Part of why the Vivitar 200mm f3.0 is so nice for the right kind of shot is that because the diameter of the front element is about the same as the distance between a human's eyes, it renders objects on a sensor geometrically in a very similar way to how the brain renders objects from the view provided by the eyes - this causes recognition and appreciation to occur in the viewer; the pictures have a 'natural' look to them.

Last edited by HoustonBob; 08-04-2015 at 09:00 AM.
08-04-2015, 09:09 AM   #7
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The Viv 200/3 focuses about 4 feet closer than most 200 primes -- that was its gimmick if you will, and it shines in those distances of 4ft-10ft, and is a good candidate to put an extension tube on to get even closer. (Like several of the other "fast" Vivitar Series 1s, the results are not great wide-open so the speed advantage isn't really there.) For longer distance shots, almost any other 200mm would give you more pleasing results and maybe sharper too. (All copies act as described in terms of purple fringing and green/magenta LoCA bokeh fringing -- there is nothing wrong with that copy.) So I consider it a bit of specialty lens for closer distances, but not too close...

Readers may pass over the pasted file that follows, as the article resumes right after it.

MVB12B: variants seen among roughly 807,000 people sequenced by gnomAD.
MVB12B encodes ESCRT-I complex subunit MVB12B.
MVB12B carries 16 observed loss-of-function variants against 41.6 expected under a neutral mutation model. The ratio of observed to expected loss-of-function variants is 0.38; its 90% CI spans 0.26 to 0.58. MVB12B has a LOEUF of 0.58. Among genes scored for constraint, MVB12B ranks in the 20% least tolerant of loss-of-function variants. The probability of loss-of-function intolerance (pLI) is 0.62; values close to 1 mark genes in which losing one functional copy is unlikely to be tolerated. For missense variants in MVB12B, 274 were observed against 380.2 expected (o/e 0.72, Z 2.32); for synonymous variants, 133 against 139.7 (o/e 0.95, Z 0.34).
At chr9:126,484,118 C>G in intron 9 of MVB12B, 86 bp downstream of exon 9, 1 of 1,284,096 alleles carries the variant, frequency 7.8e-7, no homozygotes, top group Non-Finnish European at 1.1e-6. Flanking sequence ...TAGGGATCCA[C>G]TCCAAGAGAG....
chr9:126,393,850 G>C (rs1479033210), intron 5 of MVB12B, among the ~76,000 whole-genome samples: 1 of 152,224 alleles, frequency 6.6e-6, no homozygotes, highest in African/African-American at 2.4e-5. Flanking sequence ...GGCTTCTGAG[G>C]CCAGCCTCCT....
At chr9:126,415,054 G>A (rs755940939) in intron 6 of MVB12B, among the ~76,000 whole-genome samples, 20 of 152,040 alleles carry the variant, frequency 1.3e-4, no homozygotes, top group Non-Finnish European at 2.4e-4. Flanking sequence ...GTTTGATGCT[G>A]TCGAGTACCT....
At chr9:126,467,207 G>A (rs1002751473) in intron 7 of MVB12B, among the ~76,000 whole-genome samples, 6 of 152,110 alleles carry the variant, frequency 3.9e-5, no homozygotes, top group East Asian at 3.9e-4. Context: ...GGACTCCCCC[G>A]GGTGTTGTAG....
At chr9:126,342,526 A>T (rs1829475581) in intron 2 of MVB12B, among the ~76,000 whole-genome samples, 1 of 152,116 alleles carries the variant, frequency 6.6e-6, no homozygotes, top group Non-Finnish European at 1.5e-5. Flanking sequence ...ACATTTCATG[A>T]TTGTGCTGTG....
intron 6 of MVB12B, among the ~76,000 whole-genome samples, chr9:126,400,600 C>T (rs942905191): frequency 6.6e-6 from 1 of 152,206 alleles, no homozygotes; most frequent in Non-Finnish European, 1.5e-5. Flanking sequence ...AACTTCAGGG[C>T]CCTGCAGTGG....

08-04-2015, 09:48 AM   #8
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QuoteOriginally posted by vonBaloney Quote
The Viv 200/3 focuses about 4 feet closer than most 200 primes -- that was its gimmick if you will, and it shines in those distances of 4ft-10ft, and is a good candidate to put an extension tube on to get even closer. (Like several of the other "fast" Vivitar Series 1s, the results are not great wide-open so the speed advantage isn't really there.) For longer distance shots, almost any other 200mm would give you more pleasing results and maybe sharper too. (All copies act as described in terms of purple fringing and green/magenta LoCA bokeh fringing -- there is nothing wrong with that copy.) So I consider it a bit of specialty lens for closer distances, but not too close...
Good info - thanks.
08-04-2015, 10:00 AM   #9
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You post reminded me that I still have a Vivitar 200 f3.5. Mine is obviously different from yours as it is not as fast as yours and I believe it is a Tokina made. I will have to take it out for a spin drive in the next little while....